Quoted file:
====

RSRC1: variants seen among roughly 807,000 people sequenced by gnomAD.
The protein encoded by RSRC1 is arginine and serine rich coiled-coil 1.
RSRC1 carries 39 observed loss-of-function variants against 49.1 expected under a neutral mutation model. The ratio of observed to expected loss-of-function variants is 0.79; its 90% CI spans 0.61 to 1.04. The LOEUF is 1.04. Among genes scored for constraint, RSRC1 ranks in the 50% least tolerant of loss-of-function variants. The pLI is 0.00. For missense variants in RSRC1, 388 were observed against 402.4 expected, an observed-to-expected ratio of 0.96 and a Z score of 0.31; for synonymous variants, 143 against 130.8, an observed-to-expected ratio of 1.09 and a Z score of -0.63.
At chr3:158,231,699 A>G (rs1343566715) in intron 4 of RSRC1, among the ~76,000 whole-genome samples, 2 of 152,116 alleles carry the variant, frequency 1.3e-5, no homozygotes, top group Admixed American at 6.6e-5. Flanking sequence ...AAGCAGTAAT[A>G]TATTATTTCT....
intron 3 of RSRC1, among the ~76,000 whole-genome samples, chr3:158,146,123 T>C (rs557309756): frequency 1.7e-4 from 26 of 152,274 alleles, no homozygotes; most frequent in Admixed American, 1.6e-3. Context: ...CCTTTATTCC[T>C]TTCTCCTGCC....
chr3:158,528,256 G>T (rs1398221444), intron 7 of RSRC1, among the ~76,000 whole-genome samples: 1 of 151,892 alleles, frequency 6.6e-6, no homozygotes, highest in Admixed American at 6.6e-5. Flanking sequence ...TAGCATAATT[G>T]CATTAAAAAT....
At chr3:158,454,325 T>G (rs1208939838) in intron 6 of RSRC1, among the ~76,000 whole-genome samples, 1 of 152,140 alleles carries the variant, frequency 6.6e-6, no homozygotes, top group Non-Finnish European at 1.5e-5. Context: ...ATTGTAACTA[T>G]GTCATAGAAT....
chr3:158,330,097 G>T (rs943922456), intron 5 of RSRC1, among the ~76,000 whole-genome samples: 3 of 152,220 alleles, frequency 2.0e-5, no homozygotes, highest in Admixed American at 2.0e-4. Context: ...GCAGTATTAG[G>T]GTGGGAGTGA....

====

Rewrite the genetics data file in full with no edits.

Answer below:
RSRC1: variants seen among roughly 807,000 people sequenced by gnomAD.
The protein encoded by RSRC1 is arginine and serine rich coiled-coil 1.
RSRC1 carries 39 observed loss-of-function variants against 49.1 expected under a neutral mutation model. The ratio of observed to expected loss-of-function variants is 0.79; its 90% CI spans 0.61 to 1.04. The LOEUF is 1.04. Among genes scored for constraint, RSRC1 ranks in the 50% least tolerant of loss-of-function variants. The pLI is 0.00. For missense variants in RSRC1, 388 were observed against 402.4 expected, an observed-to-expected ratio of 0.96 and a Z score of 0.31; for synonymous variants, 143 against 130.8, an observed-to-expected ratio of 1.09 and a Z score of -0.63.
At chr3:158,231,699 A>G (rs1343566715) in intron 4 of RSRC1, among the ~76,000 whole-genome samples, 2 of 152,116 alleles carry the variant, frequency 1.3e-5, no homozygotes, top group Admixed American at 6.6e-5. Flanking sequence ...AAGCAGTAAT[A>G]TATTATTTCT....
intron 3 of RSRC1, among the ~76,000 whole-genome samples, chr3:158,146,123 T>C (rs557309756): frequency 1.7e-4 from 26 of 152,274 alleles, no homozygotes; most frequent in Admixed American, 1.6e-3. Context: ...CCTTTATTCC[T>C]TTCTCCTGCC....
chr3:158,528,256 G>T (rs1398221444), intron 7 of RSRC1, among the ~76,000 whole-genome samples: 1 of 151,892 alleles, frequency 6.6e-6, no homozygotes, highest in Admixed American at 6.6e-5. Flanking sequence ...TAGCATAATT[G>T]CATTAAAAAT....
At chr3:158,454,325 T>G (rs1208939838) in intron 6 of RSRC1, among the ~76,000 whole-genome samples, 1 of 152,140 alleles carries the variant, frequency 6.6e-6, no homozygotes, top group Non-Finnish European at 1.5e-5. Context: ...ATTGTAACTA[T>G]GTCATAGAAT....
chr3:158,330,097 G>T (rs943922456), intron 5 of RSRC1, among the ~76,000 whole-genome samples: 3 of 152,220 alleles, frequency 2.0e-5, no homozygotes, highest in Admixed American at 2.0e-4. Context: ...GCAGTATTAG[G>T]GTGGGAGTGA....